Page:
Criminology Paper in Letter Form to a Supreme Court Judge

Criminology Paper in Letter Form to a Supreme Court Judge

Dear Judge Gresh,

I am going to try to influence your decision on the appeal by demonstrating some of the procedures and processes that will have to be in-order for this case to press further. Then bring to light the laws set on and around our constitution in particular the fourth amendment. We need to discuss how the charges brought forth were done in an unlawfully manner and how they violate the law and jurisdictions that bind our law enforcement agencies. Also as a close friend, I will give you my honest opinion on the appeal, if I were in your shoes as one of the appellate judge presiding over this case I would uphold the first judgment handed down in this matter.
The court’s decision on this case was decided by using proper procedures to make sure that no citizen’s rights would be violated. The fourth amendment offers every citizen of the United States of America the protection against unreasonable searches and seizures (Mount, 2011). In this case the police officers may have had good intentions in mind but there are rules and laws set in place to protect citizens from their rights to be violated.
Internally I fought over the logistics of the case. I must say that this case is somewhat similar to Chimel v. California. In this case Chimel was issued an arrest warrant and upon being served such warrant the police conducted a search of his residence. They found what they believed to be evidence they thought they could use to prosecute Chimel. The court found this warrantless search of his residence as a violation of the 4th amendment in a majority vote (Oyez, 2011).
In this case again, a warrantless search was conducted, now in the case that you will be evaluating for appeal the issue was not that there was an illegal search but more of a warrantless entry. If Chimel v. California doesn’t serve as a proper example then take into consideration the Emergency Aid Doctrine. This doctrine is part of the community caretaking function and must fill three requirements for it to properly and legally overrule the 4th amendment. 1st, the main purpose for the search cannot be to either the intention to arrest or collect evidence. 2nd, the area or place to be search must fall under reasonable or otherwise probable cause. 3rd, in order for this doctrine to be accurate law enforcement must have “reasonable grounds,” they must have this in order to believe that there is imminent danger and their assistance is needed for protection of someone’s life or their property (Update, 2008). This doctrine is what must be used under law enforcement procedures. They should have asked to come in and have a bit more patience. The proper procedures to avoid a mistrial or removal of evidence must be followed. In this case the police officers did not follow proper procedure and that is the reason why we are here at the appeal process now.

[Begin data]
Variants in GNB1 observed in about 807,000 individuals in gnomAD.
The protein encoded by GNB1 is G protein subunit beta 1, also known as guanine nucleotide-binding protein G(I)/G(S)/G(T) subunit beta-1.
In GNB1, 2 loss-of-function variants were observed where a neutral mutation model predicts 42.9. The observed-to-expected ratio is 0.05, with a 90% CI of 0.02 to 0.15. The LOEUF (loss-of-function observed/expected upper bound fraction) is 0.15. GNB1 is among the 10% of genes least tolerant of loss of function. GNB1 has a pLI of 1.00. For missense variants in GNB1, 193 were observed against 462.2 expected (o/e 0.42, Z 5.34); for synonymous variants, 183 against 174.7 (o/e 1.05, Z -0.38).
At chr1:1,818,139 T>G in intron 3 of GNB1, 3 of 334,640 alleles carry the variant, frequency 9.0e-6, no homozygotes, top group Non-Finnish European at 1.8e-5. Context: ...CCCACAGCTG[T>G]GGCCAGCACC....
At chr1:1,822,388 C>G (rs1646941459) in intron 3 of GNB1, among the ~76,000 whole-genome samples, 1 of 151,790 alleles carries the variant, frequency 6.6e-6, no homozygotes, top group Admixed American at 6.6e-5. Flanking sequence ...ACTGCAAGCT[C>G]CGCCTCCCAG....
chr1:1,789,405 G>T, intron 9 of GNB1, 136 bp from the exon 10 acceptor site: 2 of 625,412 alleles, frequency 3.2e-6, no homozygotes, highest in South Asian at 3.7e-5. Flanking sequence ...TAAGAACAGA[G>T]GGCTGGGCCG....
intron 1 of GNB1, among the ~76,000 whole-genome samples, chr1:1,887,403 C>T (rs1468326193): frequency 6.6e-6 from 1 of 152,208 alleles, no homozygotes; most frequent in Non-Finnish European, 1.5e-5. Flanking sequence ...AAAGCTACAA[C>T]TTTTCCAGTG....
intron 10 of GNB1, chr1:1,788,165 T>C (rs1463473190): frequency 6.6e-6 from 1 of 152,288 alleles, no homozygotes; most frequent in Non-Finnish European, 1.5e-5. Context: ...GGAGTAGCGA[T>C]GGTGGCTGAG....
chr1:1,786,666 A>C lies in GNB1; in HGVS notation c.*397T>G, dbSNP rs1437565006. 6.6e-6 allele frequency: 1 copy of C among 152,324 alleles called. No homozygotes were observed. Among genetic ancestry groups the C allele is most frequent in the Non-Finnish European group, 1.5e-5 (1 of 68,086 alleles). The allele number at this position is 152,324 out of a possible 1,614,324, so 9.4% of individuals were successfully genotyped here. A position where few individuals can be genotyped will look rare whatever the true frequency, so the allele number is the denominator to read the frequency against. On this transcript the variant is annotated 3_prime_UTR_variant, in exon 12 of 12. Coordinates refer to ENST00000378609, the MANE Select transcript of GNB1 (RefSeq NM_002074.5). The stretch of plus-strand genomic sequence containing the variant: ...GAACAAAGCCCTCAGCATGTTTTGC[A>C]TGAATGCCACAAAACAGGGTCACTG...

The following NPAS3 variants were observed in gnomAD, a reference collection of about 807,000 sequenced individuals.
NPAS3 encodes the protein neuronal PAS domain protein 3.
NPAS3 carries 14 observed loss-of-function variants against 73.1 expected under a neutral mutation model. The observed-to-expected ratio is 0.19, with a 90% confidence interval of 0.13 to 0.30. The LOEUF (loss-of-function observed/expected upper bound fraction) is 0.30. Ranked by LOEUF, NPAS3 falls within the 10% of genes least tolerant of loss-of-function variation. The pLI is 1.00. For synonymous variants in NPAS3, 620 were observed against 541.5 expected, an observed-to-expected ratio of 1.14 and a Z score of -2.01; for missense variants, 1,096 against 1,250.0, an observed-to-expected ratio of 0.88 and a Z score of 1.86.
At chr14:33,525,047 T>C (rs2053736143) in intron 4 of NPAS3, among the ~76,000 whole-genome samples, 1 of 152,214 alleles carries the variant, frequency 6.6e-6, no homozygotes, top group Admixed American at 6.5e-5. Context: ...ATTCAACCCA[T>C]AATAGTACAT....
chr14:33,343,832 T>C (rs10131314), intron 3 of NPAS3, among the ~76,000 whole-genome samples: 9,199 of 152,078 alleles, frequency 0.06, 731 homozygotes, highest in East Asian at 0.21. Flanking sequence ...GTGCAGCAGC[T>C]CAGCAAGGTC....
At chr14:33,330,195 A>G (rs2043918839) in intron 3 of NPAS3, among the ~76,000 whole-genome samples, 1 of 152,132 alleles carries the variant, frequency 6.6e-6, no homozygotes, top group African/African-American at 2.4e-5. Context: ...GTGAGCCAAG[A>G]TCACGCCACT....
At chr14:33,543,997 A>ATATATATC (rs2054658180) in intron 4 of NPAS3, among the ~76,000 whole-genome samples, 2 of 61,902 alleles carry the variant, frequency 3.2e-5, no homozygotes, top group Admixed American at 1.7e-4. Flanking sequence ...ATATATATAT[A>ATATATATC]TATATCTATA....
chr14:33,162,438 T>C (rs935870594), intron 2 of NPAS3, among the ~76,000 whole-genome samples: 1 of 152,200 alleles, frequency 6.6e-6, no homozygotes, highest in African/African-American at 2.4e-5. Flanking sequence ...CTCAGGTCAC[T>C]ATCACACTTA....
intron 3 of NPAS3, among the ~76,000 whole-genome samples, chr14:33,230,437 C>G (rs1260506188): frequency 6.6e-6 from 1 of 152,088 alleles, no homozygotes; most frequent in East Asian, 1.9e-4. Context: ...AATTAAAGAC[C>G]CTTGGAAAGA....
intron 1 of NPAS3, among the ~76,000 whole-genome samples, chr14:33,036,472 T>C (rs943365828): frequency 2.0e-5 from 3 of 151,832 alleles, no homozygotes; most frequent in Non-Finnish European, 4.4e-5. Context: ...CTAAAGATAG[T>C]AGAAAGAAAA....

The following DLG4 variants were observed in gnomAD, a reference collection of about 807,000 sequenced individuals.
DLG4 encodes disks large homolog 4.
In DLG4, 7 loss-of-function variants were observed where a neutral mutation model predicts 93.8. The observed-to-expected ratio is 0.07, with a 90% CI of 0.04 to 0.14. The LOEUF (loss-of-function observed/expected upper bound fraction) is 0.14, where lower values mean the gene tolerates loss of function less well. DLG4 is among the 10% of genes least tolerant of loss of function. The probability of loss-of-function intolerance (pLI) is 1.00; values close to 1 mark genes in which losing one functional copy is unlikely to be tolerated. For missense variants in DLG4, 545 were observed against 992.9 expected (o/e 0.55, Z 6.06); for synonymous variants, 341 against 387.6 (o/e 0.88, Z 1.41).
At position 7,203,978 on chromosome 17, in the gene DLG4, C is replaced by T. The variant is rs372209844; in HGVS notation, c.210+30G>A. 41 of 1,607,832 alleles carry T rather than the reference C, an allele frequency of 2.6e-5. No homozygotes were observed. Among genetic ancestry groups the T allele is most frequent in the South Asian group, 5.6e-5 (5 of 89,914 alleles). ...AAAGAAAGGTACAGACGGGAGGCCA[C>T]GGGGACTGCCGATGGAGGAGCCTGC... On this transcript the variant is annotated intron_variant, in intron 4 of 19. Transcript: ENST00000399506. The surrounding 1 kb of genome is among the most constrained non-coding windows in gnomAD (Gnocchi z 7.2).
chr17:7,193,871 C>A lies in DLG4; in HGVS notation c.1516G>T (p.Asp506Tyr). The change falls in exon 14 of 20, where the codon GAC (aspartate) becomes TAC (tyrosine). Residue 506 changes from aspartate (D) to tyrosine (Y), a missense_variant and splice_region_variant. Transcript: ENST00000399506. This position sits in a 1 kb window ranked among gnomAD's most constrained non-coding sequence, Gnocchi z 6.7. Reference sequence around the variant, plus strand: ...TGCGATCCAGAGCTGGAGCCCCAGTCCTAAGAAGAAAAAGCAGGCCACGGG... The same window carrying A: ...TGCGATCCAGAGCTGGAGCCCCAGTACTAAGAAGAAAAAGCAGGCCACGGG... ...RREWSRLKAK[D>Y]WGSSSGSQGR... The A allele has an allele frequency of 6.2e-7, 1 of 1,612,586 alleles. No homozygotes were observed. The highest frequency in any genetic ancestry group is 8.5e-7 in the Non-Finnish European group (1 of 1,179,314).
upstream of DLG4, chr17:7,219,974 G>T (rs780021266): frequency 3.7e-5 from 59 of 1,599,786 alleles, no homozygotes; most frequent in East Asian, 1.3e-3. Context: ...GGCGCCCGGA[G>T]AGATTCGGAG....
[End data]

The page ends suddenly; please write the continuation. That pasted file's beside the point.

Once more, in the case in front of you the warrantless entry was not legalized by the emergency aid doctrine. At least it wasn’t found that way by the trial judge who ruled out the evidence found as it was believed it was obtained through improper means. With the previous judge I must agree, and although I cannot tell you how to do your job I am simply trying to influence your decision through means of examples in law that have been around for about half a century now. These laws, amendments, codes, etc. are here for a reason, and we must make proper use of them so that we may maintain order in our society. We know delinquents will not obey the law or follow proper protocol; this is what must separate us from them.

References

Update, Legal. (2008). Welfare checks. Retrieved from http://www.legalupdate.com/4th/835
Mount, S. (2011). Constitutional topic: 4th amendment. Retrieved June 13th, 2011 from http://www.usconstitution.net/consttop_duep.html
Oyez, Inc. (2011, June 13). Chimel v. california, 395 u.s. 752 (1969). Retrieved from http://www.oyez.org/cases/1960-1969/1968/1968_770